The culinary divide

Gujarati or Malayali mess, had been one of the fav destinations of college students, bachelor IT guys or anybody with meagre resources. Consistent like McDonald’s. Fixed menu thalis on a pre-fixed price. Yet, inherent to them is a great culinary divide. Gujrati thali would be a sacro-sanct vegetarian, while Malyali platter would be spiciest extreme non-vegetarian cuisines, the blasphemic ‘beef kebabs’ to mention one.

I belong to a weird Shakta Brahmin family, where we stinkingly indulge on mutton and fish, with selective prohibition of chicken/egg/garlic/onion, and beef/pork. Gradually, we incorporated chicken, egg, garlic and onion but beef and pork still remain elusive.

Once my seemingly orthodox Brahmin dad was invited to ‘Bakr-id‘ ceremony by his office colleague. This was a ‘dharma-sankat’ (religious dilemma) since brahmins never refuse a food-invite and can’t eat in muslim platter in my hometown. Entire brahmin coterie had a closed-door meeting in office, and decided not-to-go in consensus. As I saw my dad pacing back-and-forth, he suddenly asked me to join for a bike ride and sneakingly took me to ceremony where we found rest of the office already gobbling on mutton, some with remarkable ‘U’-shaped brahmin tilaka on forehead. And, all had a boisterous laugh, as I looked in awe!

During my pre-university days, I found a place where we used to get tasty ‘seekh kebabs’ at quarter-the price of others. It was so yummy and cheap, I got addicted to it and took to its marketing to all our hostel-mates. Soon, that shop in small gully in Patna became a rage, till we got to know the mashed meat wrapped in spices was ‘beef’. I was cursed and bullied, and I couldn’t sleep the night with unstoppable retching sensations, as if sin of life had been committed. But, the taste is unforgettable, which I had to satiate myself with some similar smell in Purani Delhi gullies during my medical residency days or Kalyani Biryani in Hyderabad.

Somebody mentioned about an Indian delegate tour in China, where a buffet of 135 menu had some 67 species butchered in different platters. Among Indian delegates, some avoided ‘pork, most of them ‘beef’, some didn’t eat either, and some could find only two of desserts fulfilling their culinary requirements. Chinese ate everything, Indians ate something, and Mr. Jain could eat nothing.

Bhusaval junction in Maharashtra had only two things available on platform, one ‘omelette’ and other ‘bhusaval kela (bananas)’, and most found only of them edible- the omelette. Some vegetarians tried ‘bhusaval kelas‘ only to have most of their remaining journey retching and burping, while most waited for even more food-pauper stations- Katnis and Satnas. Veggies almost starved in steaming heat of second-class boggie in the middle of marble-desert of Madhya Pradesh.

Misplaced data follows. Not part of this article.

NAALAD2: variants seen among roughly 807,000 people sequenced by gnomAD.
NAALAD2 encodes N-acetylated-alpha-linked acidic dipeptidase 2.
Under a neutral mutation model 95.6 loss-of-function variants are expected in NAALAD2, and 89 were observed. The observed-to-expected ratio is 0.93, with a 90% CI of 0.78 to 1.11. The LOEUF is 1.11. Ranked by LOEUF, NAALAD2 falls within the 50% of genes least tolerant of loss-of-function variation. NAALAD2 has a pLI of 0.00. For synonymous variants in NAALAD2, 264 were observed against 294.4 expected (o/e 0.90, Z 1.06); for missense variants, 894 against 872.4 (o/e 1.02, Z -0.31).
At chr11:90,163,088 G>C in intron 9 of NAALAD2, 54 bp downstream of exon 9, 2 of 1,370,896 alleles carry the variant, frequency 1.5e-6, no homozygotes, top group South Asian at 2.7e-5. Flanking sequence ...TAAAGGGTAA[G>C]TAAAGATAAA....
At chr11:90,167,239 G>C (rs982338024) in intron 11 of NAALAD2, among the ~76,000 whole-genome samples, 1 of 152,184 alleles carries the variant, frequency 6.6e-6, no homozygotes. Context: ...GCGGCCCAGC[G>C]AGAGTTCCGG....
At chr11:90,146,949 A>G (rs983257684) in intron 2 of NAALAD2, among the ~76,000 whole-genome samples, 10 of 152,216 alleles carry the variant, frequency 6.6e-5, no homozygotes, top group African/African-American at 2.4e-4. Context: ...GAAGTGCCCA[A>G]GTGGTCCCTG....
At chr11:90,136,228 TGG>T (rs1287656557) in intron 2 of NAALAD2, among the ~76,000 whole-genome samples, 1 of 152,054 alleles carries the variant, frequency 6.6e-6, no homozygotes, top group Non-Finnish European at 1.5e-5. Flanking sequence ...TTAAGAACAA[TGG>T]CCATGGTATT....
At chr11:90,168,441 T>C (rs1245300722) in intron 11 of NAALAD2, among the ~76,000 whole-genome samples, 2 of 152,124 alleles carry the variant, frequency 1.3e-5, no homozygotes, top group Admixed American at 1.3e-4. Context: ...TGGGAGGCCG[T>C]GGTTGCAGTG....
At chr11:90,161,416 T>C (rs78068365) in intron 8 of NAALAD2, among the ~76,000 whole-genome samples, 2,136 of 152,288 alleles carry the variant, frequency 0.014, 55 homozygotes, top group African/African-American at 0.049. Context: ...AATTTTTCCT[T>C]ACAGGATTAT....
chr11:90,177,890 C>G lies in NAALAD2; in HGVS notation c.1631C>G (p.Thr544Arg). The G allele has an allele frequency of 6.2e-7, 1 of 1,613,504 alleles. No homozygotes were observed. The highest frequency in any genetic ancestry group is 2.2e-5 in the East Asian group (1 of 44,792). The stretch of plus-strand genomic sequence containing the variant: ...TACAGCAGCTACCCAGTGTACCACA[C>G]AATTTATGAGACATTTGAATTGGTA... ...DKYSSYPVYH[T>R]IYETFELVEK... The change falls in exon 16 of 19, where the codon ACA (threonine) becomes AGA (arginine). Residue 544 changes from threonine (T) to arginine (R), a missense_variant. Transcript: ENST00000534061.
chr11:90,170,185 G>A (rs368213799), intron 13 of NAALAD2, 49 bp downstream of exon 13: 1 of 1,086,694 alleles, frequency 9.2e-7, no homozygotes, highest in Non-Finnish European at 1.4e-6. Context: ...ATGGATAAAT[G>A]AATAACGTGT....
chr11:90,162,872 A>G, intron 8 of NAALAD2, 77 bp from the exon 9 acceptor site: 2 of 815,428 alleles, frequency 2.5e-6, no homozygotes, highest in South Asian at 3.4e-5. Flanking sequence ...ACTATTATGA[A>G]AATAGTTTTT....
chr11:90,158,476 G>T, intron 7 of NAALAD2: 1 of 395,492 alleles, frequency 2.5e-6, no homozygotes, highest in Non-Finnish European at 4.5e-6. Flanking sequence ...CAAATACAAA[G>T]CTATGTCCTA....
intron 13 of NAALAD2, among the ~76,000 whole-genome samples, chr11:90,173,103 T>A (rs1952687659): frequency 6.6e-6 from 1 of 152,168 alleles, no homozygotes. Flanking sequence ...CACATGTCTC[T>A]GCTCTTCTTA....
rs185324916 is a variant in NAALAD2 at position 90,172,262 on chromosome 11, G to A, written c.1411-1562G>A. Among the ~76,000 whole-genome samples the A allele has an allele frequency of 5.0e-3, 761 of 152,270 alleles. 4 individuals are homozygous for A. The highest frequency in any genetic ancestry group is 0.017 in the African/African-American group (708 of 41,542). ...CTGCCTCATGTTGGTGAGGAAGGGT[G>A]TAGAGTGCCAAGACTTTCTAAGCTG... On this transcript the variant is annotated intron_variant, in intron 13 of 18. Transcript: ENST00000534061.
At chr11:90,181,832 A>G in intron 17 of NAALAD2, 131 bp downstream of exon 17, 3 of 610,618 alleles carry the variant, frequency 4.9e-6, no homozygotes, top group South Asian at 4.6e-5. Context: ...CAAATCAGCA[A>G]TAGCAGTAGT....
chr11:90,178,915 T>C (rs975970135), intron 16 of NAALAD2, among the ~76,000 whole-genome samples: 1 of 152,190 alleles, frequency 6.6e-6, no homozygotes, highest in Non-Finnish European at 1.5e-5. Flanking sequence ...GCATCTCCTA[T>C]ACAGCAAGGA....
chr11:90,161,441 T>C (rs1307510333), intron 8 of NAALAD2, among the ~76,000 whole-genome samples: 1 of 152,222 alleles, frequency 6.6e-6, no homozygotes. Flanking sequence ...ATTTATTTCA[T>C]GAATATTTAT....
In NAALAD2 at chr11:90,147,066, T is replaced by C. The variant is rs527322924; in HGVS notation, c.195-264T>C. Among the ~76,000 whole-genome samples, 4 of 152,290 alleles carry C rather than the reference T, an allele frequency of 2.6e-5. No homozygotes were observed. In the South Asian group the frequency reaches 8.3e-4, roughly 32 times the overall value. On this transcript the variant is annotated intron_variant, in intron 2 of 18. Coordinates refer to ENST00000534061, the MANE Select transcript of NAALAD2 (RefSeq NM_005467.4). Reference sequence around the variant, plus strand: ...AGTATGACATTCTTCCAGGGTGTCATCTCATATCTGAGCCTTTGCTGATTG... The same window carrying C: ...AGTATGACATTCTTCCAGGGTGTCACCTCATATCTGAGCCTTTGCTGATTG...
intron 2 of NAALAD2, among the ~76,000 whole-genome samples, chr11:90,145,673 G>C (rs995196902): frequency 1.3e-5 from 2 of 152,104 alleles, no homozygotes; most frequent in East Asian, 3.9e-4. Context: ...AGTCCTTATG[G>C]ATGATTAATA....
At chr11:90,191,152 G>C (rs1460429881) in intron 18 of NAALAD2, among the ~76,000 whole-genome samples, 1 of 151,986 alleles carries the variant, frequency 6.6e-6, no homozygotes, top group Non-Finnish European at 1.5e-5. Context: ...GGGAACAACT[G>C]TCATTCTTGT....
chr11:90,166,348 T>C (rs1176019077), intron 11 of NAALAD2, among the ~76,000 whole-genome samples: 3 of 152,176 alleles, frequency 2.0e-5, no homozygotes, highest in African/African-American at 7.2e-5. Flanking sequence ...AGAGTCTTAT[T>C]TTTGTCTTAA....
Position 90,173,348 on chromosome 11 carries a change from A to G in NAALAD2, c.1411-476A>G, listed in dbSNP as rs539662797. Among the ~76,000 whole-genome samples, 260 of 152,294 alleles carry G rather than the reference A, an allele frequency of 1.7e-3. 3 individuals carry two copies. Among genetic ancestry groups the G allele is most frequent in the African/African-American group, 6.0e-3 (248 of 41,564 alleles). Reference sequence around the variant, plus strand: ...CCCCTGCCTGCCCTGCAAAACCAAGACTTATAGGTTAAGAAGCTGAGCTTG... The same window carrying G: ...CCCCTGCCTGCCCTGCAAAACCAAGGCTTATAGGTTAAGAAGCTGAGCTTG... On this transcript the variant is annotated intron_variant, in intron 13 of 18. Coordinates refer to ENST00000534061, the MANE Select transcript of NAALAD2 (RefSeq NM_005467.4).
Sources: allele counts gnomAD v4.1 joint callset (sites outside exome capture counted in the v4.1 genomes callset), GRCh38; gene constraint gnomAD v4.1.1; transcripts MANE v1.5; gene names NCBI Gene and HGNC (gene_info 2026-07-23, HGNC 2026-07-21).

During my short stint in US, my lifeline was ‘hotdog’; I never attempted to investigate what species it was made of, but it again reminded me of Patna gullies.

In some part of India, they eat snakes, and somewhere they eat ‘kutta kheer‘ – a digested rice extracted from dog’s stomach. Yuck!

Some don’t eat potatoes and brinjals. I don’t eat ladyfinger or Okra whatever.

I still visit Malayali mess, atleast once a week, and try to avoid my eyes off ‘saucy red kebabs’ since I am brahmin. I avoid a skimpily clad hot girl since I am father of two. I avoid to pick a fluttering enticing currency from the street since I am Bachhan fan. I avoid smoking and drinking in public, since I am a doctor. I avoid being myself since I am…….a nincompoop, downright fool, godsent epitome of idiocy, narcissistic moron, unwanted clone of Donald Trump, re-incarnate of Gandhi’s gulli-danda partner who could never make it…..hell I am!!


13 thoughts on “The culinary divide

  1. Haha..india and Indians…we are odd but definitely unique…
    Each state is like diff country…i mean diff in food habits… culture and mutual understanding and misconceptions about neighbouring states…

    1. True! Nothing can be generalised or universalised in India where they say ‘water changes every mile, and language changes every four mile’ and so does the food habit.

      1. Hmmm…nice blog….cannot comment I dnt currently have ani wala bf or husband…being Bengali I definitely want a Mumbai wala bf and and husband…😜

  2. Well the last time I bought bacon (and yes I found out you can actually buy that in Hyderabad, I love it!), my mum was all like “I can’t believe you’re cooking pig in our house! Eeshh!!!”
    I mean we’re a very non-religious family, but still there are certain meats that we just won’t eat apparently. I guess in this case it has more to do our Indian thought that a pig is a “dirty” animal. Oh well.

    So where were you staying in Hyd during your time here?

  3. Jeez! I have lived at Hyderabad all my life (still live here) and have never heard about the kalyani biryani!

      1. I absolutely love your blog, there is some stupid stuff going on with WordPress that does gadbad with posting a comment on your posts 😦

        I love the article with regards to sex education. The funny part is that they can ban sunny Leone as much as they want to, censorship and all that but let honey Singh and the shit he sings loose.

        Plus there have been so many times that they allow little kids. Whiny, crying 6 year olds in a theatre showcasing an A rated movie

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